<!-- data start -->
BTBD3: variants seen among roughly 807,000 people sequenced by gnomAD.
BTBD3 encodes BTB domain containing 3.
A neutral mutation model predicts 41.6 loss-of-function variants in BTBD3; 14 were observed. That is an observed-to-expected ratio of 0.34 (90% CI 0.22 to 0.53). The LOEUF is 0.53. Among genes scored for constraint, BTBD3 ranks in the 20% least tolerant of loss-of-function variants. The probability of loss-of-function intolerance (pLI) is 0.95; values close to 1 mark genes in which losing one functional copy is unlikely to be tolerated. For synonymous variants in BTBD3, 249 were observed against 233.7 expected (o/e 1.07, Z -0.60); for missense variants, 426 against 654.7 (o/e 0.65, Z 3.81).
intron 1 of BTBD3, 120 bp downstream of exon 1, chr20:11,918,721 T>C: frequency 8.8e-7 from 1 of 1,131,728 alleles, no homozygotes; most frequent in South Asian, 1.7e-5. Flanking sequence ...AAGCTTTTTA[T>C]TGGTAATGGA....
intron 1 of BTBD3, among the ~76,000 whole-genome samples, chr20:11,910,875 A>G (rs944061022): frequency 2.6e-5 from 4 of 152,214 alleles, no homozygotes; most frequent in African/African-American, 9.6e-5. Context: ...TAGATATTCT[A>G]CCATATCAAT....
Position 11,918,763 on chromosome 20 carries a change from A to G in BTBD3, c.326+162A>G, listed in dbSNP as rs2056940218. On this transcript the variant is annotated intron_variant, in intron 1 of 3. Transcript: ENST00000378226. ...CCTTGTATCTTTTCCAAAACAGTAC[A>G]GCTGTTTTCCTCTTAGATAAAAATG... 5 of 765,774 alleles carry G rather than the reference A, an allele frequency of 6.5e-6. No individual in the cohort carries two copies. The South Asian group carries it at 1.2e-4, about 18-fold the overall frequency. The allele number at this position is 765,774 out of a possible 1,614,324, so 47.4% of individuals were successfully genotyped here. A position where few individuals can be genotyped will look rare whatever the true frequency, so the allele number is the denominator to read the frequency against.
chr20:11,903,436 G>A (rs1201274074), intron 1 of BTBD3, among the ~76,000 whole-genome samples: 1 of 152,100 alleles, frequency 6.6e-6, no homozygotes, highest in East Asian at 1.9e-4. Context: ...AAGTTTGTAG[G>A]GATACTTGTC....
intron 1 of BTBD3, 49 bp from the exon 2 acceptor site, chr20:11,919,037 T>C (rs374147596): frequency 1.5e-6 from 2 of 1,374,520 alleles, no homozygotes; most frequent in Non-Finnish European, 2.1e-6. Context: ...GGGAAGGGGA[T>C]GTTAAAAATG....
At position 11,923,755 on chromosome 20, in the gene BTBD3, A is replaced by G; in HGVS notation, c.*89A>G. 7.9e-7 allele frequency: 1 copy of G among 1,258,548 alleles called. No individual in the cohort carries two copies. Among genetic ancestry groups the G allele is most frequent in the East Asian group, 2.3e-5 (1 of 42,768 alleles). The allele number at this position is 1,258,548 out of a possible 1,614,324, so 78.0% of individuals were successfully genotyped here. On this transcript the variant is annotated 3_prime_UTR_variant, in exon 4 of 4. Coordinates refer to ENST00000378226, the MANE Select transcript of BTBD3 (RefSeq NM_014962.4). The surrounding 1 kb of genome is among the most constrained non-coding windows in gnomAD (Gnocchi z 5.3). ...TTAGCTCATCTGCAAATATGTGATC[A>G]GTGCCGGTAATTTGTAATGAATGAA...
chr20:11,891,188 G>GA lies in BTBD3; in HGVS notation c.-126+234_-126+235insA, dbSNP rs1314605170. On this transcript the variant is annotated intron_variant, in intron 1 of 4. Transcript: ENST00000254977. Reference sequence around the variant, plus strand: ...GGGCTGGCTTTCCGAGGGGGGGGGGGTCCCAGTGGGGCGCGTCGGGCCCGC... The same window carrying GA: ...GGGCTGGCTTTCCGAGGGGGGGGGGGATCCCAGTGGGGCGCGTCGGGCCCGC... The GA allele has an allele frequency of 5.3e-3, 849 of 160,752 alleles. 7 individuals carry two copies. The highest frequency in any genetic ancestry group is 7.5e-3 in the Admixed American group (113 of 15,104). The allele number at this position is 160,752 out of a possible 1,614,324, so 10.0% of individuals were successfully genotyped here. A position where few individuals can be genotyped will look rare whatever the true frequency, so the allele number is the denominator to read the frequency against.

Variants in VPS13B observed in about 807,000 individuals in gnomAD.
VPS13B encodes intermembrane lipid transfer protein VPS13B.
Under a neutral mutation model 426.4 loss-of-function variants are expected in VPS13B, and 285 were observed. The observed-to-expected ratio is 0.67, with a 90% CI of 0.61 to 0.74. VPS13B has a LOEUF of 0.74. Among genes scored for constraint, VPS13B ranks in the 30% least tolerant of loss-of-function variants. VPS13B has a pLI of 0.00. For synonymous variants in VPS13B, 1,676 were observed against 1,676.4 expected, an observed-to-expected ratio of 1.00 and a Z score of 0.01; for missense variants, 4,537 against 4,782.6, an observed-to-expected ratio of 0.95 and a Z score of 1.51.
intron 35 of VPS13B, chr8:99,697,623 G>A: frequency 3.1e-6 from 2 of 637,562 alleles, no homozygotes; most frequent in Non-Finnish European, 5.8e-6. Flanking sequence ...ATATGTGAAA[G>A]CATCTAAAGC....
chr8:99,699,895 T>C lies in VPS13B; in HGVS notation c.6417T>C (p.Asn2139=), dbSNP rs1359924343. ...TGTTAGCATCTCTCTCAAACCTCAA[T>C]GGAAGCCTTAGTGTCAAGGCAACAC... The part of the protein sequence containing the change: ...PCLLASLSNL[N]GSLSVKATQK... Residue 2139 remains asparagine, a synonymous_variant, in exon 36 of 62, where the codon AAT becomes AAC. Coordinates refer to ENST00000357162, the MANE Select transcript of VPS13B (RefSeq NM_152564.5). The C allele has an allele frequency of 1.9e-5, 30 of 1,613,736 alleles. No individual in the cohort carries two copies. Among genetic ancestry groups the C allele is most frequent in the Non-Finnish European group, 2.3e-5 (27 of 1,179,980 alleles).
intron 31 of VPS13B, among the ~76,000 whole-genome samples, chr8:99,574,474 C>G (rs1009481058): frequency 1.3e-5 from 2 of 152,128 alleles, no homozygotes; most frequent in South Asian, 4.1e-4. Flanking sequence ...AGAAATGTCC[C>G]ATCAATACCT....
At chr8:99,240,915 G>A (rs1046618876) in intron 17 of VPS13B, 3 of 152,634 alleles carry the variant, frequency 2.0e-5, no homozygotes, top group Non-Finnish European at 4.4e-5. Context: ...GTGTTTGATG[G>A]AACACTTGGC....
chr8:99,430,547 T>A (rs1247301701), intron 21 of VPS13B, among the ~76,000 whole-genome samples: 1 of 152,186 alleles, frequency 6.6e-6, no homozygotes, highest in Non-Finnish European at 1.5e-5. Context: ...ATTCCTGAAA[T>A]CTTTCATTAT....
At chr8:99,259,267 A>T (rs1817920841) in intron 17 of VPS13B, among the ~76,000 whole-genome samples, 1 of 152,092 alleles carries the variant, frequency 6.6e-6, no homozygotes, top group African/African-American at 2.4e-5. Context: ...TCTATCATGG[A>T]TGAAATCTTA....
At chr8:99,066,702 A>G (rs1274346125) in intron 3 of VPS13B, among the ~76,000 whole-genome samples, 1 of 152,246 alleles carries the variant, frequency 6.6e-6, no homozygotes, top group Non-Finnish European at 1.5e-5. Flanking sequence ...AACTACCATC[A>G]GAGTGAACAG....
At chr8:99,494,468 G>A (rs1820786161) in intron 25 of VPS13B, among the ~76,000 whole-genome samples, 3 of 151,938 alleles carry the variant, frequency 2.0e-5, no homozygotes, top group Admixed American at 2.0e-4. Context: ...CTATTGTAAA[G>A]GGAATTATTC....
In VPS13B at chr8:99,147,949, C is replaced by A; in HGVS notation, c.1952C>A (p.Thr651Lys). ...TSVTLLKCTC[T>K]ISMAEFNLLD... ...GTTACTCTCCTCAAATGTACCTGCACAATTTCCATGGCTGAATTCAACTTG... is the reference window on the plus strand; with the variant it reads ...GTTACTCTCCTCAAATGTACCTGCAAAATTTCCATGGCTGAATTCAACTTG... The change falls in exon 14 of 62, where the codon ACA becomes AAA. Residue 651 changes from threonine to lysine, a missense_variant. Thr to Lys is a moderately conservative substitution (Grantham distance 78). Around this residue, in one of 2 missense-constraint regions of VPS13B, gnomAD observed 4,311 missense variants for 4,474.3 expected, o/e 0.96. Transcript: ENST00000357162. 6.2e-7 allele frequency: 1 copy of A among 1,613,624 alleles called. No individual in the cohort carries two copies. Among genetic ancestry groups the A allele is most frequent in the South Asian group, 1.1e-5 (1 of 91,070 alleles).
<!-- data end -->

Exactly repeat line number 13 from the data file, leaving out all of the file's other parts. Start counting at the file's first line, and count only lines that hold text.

Under a neutral mutation model 426.4 loss-of-function variants are expected in VPS13B, and 285 were observed. The observed-to-expected ratio is 0.67, with a 90% CI of 0.61 to 0.74. VPS13B has a LOEUF of 0.74. Among genes scored for constraint, VPS13B ranks in the 30% least tolerant of loss-of-function variants. VPS13B has a pLI of 0.00. For synonymous variants in VPS13B, 1,676 were observed against 1,676.4 expected, an observed-to-expected ratio of 1.00 and a Z score of 0.01; for missense variants, 4,537 against 4,782.6, an observed-to-expected ratio of 0.95 and a Z score of 1.51.